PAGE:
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Chinese, American scientists “light up” lung cancer mutations


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Chinese and American scientists have found a new way to identify non-small cell lung cancers (NSCLC), the most common type of lung cancer, non-invasively. In a study reported on Wednesday in the journal Science Translational Medicine, the scientists used a radio-labelled chemical tracer to mark certain cancer mutations, which can help determine sensitivity to and the efficacy of a therapy called tyrosine kinase inhibition in NSCLC patients.  NSCLC with those mutations can be best treated with drugs called tyrosine kinase inhibitors. The inhibitors can extend median survival time of cancer patients with a mutation in the epidermal growth factor receptor or EGFR protein to greater than two years, more than twice the survival of patients receiving only chemotherapy.

However, it is not easy for clinicians to swiftly tell which cancers have this mutation and are therefore likely to respond to tyrosine kinase inhibition, according to researchers. Although several techniques are currently available to assess EGFR mutations, these methods require biopsied samples and can often fail because of insufficient sample quantities for analysis. An international team from Harbin Medical University, Fudan University and Stanford University has developed a chemical tracer that can light up EGFR mutations in the tumour cells, so the positron emission tomography (PET) and computed tomography (CT) imaging scans can detect them. “We develop a kind molecular probe called 18F-MPG that can bind specifically with EGFR mutations,” Sun Xilin, the paper’s lead author at the Fourth Hospital of Harbin Medical University, told Xinhua.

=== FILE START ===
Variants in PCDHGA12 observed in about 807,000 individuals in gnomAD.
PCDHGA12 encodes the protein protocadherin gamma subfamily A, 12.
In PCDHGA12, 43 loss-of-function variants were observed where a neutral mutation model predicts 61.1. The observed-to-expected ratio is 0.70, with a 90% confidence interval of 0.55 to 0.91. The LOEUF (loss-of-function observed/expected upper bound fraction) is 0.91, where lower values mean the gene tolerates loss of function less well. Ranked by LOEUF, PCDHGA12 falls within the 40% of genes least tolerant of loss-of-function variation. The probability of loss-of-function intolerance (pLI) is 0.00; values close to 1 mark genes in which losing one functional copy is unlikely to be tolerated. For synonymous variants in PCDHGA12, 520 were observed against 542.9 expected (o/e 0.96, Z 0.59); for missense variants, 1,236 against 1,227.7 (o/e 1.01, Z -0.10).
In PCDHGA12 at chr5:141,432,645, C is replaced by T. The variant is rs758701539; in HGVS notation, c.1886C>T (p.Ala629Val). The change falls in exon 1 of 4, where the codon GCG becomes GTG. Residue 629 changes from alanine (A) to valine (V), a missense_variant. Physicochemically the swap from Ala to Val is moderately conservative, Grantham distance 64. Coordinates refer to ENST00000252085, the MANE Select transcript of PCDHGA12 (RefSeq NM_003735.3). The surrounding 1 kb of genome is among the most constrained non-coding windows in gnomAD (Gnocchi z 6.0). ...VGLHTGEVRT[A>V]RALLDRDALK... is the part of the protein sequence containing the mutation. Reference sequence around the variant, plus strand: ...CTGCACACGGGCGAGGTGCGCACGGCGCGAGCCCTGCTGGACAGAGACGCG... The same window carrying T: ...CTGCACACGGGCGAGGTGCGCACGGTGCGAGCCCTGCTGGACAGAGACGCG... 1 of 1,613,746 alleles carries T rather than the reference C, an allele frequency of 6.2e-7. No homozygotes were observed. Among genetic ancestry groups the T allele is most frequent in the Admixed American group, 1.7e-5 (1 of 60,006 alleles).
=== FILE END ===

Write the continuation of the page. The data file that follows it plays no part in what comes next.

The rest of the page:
Researchers tested the tracer in animal models with NSCLC and in primary and metastatic tumors from people with the cancer. They found that EGFR mutation detection by labelled PET and CT scans and by traditional biopsy were in agreement nearly 85% of the time. In the study, patients with the EGFR mutation, detected by the tracer, lived longer without a progression in their cancers and they responded to tyrosine kinase inhibitors at a higher rate than those without the mutation.

“When we know EGFR mutations, a total of 70% of cancer patients respond to the therapy, but only 20% respond if we don’t know their mutations,” Sun said.

 


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